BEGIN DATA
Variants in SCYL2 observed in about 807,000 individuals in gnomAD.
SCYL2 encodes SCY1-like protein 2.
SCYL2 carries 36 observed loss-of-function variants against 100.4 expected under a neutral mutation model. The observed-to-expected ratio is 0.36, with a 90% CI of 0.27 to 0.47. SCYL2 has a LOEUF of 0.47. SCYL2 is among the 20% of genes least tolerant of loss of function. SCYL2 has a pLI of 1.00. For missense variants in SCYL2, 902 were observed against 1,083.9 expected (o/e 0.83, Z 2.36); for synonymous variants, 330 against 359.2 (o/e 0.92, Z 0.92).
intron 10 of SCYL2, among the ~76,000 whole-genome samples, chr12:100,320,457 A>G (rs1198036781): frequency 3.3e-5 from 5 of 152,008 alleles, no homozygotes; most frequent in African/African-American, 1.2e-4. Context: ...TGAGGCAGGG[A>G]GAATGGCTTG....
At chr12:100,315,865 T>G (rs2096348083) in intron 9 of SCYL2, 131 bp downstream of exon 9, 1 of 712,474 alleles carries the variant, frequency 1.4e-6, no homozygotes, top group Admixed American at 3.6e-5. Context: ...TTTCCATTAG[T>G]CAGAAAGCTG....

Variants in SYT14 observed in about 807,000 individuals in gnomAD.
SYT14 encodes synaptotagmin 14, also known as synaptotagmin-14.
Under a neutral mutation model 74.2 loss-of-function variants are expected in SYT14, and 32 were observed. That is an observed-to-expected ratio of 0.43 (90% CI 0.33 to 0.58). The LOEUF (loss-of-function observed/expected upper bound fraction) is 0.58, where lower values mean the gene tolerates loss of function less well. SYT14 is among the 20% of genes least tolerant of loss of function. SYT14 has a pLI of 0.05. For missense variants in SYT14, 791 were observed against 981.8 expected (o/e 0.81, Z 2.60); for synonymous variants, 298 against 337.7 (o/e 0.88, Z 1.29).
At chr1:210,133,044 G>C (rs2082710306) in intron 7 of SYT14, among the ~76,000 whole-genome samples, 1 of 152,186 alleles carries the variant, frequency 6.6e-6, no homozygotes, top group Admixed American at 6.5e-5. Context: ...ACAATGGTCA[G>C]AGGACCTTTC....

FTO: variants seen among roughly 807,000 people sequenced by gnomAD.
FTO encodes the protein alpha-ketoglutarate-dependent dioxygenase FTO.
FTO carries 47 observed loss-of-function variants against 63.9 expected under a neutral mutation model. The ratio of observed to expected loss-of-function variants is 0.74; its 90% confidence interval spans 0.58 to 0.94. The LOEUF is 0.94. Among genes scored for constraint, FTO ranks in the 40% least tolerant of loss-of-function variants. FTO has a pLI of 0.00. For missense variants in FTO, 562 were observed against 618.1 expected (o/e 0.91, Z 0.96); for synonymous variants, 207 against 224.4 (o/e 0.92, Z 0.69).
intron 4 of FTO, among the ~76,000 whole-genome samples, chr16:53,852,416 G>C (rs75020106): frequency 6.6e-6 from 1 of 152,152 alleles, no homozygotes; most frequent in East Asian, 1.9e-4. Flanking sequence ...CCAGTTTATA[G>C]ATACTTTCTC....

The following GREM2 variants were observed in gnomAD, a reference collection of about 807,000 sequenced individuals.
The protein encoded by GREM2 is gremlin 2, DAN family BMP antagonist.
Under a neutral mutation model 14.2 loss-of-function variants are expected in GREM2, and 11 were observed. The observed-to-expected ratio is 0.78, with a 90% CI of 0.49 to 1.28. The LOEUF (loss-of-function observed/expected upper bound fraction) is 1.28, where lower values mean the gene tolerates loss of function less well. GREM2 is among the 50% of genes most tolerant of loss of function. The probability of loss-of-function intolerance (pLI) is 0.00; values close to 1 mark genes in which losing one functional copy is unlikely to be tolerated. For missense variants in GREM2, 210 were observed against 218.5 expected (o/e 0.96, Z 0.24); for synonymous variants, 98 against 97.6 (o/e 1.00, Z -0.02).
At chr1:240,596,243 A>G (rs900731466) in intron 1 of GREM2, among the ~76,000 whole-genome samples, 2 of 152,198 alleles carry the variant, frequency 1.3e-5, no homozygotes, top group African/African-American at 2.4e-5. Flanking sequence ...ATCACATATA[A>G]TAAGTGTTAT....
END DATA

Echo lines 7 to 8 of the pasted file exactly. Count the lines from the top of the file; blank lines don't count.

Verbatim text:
SYT14 encodes synaptotagmin 14, also known as synaptotagmin-14.
Under a neutral mutation model 74.2 loss-of-function variants are expected in SYT14, and 32 were observed. That is an observed-to-expected ratio of 0.43 (90% CI 0.33 to 0.58). The LOEUF (loss-of-function observed/expected upper bound fraction) is 0.58, where lower values mean the gene tolerates loss of function less well. SYT14 is among the 20% of genes least tolerant of loss of function. SYT14 has a pLI of 0.05. For missense variants in SYT14, 791 were observed against 981.8 expected (o/e 0.81, Z 2.60); for synonymous variants, 298 against 337.7 (o/e 0.88, Z 1.29).